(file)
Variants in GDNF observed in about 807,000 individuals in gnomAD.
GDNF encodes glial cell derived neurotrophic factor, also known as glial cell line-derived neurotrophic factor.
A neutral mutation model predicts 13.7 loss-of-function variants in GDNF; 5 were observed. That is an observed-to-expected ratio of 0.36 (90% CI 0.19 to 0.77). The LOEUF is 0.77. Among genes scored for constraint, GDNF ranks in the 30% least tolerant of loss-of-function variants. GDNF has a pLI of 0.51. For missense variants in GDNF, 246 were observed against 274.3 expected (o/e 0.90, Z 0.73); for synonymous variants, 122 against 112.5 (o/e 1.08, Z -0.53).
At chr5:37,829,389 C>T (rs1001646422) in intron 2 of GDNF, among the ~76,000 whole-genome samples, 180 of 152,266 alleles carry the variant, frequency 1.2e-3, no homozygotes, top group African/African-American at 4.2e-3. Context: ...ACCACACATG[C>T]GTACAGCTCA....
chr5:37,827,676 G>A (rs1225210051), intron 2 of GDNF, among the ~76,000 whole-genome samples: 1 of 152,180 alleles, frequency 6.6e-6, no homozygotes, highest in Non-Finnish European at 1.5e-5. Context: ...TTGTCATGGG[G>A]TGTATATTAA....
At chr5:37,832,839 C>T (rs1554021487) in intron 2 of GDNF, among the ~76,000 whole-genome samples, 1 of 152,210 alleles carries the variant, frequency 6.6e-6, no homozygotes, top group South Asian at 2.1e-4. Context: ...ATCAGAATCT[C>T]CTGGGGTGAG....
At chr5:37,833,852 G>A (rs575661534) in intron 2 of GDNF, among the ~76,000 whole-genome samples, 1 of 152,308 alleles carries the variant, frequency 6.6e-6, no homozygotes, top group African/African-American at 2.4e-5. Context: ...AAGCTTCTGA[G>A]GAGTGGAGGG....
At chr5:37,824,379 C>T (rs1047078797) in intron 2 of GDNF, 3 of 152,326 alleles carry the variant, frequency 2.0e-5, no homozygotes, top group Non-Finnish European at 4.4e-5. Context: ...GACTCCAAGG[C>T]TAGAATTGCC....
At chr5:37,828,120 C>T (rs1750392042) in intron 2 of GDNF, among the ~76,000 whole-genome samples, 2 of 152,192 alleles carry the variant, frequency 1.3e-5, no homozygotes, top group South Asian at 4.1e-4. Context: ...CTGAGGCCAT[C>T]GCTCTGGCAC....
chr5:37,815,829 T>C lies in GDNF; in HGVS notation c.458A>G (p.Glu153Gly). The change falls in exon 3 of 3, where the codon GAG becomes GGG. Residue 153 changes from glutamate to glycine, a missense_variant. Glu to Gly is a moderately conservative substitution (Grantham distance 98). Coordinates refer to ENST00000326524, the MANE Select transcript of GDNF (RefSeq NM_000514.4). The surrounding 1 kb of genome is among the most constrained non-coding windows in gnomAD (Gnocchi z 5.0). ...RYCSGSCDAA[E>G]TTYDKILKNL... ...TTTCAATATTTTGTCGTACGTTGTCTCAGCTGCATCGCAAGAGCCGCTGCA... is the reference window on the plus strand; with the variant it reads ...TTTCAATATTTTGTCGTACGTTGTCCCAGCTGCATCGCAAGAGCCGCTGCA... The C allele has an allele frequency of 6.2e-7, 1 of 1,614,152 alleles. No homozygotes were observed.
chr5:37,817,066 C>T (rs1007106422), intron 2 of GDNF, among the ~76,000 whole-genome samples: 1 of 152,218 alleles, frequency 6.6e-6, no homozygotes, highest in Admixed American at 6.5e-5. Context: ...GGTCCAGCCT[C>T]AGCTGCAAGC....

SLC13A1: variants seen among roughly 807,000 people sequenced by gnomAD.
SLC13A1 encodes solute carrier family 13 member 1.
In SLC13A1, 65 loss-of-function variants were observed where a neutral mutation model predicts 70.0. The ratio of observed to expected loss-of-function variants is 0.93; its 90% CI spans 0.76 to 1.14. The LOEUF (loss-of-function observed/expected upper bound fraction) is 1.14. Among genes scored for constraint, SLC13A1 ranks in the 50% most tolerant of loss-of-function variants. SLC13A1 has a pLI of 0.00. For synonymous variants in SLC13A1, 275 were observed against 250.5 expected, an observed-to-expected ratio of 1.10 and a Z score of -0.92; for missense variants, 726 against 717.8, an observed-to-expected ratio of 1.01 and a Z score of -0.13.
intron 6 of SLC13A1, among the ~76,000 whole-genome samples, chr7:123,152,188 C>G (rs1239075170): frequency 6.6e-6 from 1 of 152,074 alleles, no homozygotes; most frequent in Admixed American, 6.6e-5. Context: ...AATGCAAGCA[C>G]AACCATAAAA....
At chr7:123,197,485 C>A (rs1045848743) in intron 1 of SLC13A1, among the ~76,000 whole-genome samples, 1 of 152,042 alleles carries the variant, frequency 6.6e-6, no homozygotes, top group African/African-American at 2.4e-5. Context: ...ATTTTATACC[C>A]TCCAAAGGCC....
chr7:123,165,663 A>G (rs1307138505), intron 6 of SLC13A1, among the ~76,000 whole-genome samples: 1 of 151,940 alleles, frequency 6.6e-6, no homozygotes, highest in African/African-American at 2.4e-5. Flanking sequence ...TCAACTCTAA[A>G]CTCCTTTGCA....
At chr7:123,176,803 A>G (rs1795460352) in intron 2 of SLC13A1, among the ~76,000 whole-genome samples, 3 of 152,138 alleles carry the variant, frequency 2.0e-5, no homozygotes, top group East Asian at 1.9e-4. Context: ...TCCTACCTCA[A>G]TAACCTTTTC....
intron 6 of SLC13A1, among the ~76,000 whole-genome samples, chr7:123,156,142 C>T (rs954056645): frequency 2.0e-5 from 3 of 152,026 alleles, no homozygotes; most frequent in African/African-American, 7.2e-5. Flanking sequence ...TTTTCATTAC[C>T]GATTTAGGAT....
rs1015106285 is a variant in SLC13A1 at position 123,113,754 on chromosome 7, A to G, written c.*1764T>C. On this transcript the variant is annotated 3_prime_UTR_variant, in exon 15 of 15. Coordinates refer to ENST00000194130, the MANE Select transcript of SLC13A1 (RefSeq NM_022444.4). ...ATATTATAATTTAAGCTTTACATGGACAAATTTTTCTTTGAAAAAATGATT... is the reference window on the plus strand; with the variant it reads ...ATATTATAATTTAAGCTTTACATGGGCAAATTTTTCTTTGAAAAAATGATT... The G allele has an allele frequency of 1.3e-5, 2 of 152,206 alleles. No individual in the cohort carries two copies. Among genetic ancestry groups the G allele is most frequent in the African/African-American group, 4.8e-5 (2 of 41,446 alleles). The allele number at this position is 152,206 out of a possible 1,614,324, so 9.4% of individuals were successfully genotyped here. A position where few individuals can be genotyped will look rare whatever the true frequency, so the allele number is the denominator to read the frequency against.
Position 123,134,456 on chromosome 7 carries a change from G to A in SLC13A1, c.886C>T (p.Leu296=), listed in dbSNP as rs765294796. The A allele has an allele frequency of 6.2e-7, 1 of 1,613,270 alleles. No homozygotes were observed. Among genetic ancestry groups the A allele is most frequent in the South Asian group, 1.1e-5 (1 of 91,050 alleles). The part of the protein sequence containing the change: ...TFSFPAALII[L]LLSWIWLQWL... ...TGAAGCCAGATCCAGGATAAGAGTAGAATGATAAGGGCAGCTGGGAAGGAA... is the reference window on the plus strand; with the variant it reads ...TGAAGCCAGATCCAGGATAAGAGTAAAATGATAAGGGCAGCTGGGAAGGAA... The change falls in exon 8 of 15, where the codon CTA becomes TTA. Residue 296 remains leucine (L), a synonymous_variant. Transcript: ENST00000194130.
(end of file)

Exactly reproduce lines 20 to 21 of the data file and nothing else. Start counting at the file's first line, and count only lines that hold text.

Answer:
rs1015106285 is a variant in SLC13A1 at position 123,113,754 on chromosome 7, A to G, written c.*1764T>C. On this transcript the variant is annotated 3_prime_UTR_variant, in exon 15 of 15. Coordinates refer to ENST00000194130, the MANE Select transcript of SLC13A1 (RefSeq NM_022444.4). ...ATATTATAATTTAAGCTTTACATGGACAAATTTTTCTTTGAAAAAATGATT... is the reference window on the plus strand; with the variant it reads ...ATATTATAATTTAAGCTTTACATGGGCAAATTTTTCTTTGAAAAAATGATT... The G allele has an allele frequency of 1.3e-5, 2 of 152,206 alleles. No individual in the cohort carries two copies. Among genetic ancestry groups the G allele is most frequent in the African/African-American group, 4.8e-5 (2 of 41,446 alleles). The allele number at this position is 152,206 out of a possible 1,614,324, so 9.4% of individuals were successfully genotyped here. A position where few individuals can be genotyped will look rare whatever the true frequency, so the allele number is the denominator to read the frequency against.
Position 123,134,456 on chromosome 7 carries a change from G to A in SLC13A1, c.886C>T (p.Leu296=), listed in dbSNP as rs765294796. The A allele has an allele frequency of 6.2e-7, 1 of 1,613,270 alleles. No homozygotes were observed. Among genetic ancestry groups the A allele is most frequent in the South Asian group, 1.1e-5 (1 of 91,050 alleles). The part of the protein sequence containing the change: ...TFSFPAALII[L]LLSWIWLQWL... ...TGAAGCCAGATCCAGGATAAGAGTAGAATGATAAGGGCAGCTGGGAAGGAA... is the reference window on the plus strand; with the variant it reads ...TGAAGCCAGATCCAGGATAAGAGTAAAATGATAAGGGCAGCTGGGAAGGAA... The change falls in exon 8 of 15, where the codon CTA becomes TTA. Residue 296 remains leucine (L), a synonymous_variant. Transcript: ENST00000194130.